Well I was packed and ready to leave Mcleod Ganj and sat having breakfast will Dan. I didn't really want to move on, so I didn't, I unpacked and stayed another day. The Dalai Lama was due to arrive that day and I asked at the hotel if they knew the route he took, but they suggested going down to the temple. I wandered down there and as I approached there seemed to be a lot of people about and in fact they were lining the streets, so I picked what I thought was a good spot on a sharp steep uphill bend. The crowd kept growing, but it was always calm and strangely quiet, then after about 30 minutes there was a sudden and very noticable rise in the excitement of the crowd and a few seconds later the vehicles came up the road and there in the second one was the Dalai Lama, wearing the wonderful smile that he seems to have in all of his pictures. I only saw him for a few seconds but there is an aura about the man and it has still left me feeling good, even a few days later. I walked down the steep hill to the library and a complex that even has the `Tibetan Parliament - In Exile` along with a number of other official departments. Next stop was the Tibetan museum, but I needed a coffee and a bite first so I went into the cafe at the temple. The tables were all in use, so I was told to sit at a table where a woman sat on her own. She was a German called Suzanni, a really lovely person, and very courageous. She had been in Mcleod Ganj for 2 1/2 months, seeing a doctors that had been recommended to her. I don't know what her illness was but she has a tough life. She lacks the energy to do anything and is affected by most foods so has to do all of her own cooking. As we talked and I learnt more about her I mentioned a quote I had seen from the Dalai Lama about never giving up, no matter what happens. I little later I noticed that she had that very quote on the book mark she was using. I have seen a number of excellent quotes from the Dalai Lama including `Paradox of Our Age` (See photo, you will need to left click unless you have very good eyes). Time slipped by to the extent that I only got to the museum as it was about to close. I once again had dinner with Dan and Anthony, all very sociable.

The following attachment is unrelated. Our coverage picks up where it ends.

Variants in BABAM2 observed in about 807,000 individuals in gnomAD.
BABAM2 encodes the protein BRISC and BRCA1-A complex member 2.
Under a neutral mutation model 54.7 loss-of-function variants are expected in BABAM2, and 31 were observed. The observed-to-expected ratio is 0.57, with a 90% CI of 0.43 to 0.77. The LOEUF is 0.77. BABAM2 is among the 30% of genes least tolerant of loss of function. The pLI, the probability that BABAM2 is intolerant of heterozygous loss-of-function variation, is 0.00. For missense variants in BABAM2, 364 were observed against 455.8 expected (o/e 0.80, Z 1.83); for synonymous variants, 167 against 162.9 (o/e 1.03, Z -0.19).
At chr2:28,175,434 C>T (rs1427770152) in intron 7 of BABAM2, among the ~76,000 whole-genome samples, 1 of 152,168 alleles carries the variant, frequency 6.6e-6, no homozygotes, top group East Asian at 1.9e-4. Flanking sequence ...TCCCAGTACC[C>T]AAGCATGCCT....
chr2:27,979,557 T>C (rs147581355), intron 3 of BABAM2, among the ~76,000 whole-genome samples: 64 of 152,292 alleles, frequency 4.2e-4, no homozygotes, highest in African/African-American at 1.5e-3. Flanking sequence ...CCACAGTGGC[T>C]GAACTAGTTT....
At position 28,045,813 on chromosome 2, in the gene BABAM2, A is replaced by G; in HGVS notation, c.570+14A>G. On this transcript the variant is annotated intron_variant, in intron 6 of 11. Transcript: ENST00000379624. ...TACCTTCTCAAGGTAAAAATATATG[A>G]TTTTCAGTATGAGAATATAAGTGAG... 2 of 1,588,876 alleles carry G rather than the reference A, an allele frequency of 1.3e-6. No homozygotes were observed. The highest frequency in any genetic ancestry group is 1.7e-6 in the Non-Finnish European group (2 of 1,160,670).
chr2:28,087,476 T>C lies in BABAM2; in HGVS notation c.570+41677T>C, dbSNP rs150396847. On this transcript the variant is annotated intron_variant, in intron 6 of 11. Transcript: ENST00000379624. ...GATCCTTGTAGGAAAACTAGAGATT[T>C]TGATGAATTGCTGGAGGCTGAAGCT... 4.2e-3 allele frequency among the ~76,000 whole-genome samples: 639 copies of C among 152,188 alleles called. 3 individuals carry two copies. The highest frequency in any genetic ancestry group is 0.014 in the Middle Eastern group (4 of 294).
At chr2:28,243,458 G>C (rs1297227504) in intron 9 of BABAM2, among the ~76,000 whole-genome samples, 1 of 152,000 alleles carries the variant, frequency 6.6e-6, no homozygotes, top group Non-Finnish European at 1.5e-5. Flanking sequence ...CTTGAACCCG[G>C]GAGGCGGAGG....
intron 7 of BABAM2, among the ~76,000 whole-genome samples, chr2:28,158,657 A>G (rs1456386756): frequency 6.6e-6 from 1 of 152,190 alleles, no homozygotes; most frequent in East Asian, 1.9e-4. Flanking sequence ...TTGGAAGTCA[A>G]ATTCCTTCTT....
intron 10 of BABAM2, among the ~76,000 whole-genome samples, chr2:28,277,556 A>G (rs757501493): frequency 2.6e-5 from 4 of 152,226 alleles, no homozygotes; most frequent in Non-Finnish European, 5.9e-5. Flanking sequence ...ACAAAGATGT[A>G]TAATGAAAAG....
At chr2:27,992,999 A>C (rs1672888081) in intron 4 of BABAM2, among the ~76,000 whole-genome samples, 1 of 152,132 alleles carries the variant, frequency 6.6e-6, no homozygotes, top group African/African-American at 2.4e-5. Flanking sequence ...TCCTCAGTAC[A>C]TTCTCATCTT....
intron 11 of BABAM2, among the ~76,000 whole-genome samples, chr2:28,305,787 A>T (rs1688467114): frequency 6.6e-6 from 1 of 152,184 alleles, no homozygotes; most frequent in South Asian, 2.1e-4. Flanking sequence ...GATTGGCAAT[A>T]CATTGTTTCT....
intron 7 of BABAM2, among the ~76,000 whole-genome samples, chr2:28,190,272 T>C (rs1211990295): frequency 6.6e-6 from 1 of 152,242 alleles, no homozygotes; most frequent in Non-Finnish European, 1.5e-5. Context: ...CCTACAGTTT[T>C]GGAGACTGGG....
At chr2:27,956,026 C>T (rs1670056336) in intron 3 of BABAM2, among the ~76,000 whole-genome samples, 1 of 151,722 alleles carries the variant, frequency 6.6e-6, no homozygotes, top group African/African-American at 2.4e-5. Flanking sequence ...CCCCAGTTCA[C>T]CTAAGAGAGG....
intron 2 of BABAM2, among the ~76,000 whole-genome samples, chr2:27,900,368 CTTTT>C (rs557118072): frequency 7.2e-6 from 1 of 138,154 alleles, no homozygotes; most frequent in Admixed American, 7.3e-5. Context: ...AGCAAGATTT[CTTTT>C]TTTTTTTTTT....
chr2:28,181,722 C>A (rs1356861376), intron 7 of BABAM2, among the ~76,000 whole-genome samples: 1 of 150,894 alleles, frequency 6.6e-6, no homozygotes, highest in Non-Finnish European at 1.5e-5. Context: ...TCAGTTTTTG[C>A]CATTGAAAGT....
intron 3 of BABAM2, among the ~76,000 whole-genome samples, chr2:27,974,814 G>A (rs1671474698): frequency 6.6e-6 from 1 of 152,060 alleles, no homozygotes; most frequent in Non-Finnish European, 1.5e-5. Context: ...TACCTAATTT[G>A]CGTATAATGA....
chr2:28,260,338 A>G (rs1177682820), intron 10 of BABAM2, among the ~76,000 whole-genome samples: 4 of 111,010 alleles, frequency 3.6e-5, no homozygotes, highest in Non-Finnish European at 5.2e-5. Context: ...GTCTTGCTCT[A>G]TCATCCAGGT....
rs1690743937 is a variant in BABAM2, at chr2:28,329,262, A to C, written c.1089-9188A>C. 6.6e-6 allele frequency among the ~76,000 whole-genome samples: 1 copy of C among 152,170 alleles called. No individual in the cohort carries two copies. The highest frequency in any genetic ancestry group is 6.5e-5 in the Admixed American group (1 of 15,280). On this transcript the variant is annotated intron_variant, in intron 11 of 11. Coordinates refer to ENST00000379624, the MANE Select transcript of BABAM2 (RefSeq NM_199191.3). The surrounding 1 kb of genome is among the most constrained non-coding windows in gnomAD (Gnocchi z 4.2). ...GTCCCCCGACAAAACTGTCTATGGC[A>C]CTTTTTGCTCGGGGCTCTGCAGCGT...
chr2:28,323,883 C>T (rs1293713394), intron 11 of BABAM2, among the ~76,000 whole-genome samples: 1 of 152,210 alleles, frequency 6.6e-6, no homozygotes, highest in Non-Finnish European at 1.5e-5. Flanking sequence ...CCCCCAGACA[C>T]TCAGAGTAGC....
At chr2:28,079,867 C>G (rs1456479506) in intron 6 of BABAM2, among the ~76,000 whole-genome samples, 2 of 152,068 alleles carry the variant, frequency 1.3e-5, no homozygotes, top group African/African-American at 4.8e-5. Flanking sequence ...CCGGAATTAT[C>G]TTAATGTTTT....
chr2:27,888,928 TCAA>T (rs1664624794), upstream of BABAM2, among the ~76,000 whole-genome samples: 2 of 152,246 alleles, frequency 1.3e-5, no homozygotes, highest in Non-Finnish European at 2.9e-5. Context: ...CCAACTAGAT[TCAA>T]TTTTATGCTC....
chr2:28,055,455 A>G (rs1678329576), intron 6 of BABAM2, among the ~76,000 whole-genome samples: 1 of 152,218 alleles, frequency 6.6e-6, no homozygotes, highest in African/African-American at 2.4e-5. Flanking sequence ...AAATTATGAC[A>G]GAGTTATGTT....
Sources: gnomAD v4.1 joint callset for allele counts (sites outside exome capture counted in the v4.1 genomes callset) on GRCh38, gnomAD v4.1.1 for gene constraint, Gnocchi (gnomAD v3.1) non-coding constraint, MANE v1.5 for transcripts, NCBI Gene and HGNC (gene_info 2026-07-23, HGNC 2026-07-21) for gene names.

I saw Dan again at breakfast the following morning, but this time I really had to move on. He is staying until the weekend and attending a teaching given by the Dalai Lama and I wish I was too. The route was down, down, down out of the mountains, but pretty slow due to the rough roads and constant twists and turns. It felt a real anti-climax to be leaving when I didn't want to and to lose the scenery too as the high mountains were behind me. I soon realised that I wasn't going to get to Gurdaspur for the night as the signposts suggested it was much further than I expected. Just before Pathankot the road bridge over a river was closed due to `Damage`, which in reality meant a large chunk of it was missing! I had been warned about it and that the detour added 12k of track on to the route. I didn't fancy that or the walk across the rail bridge as it was also very long. That left me with a wade through the river, which wasn't that deep but was fast. It reached the front panniers so I had to lift the front of the bike which made progress even more of a hazard, but at least I made it and gave my sandals a clean into the bargain. It then became clear that the map was wrong and it wasn't so far to Gurdaspur afterall and I made it there in good time.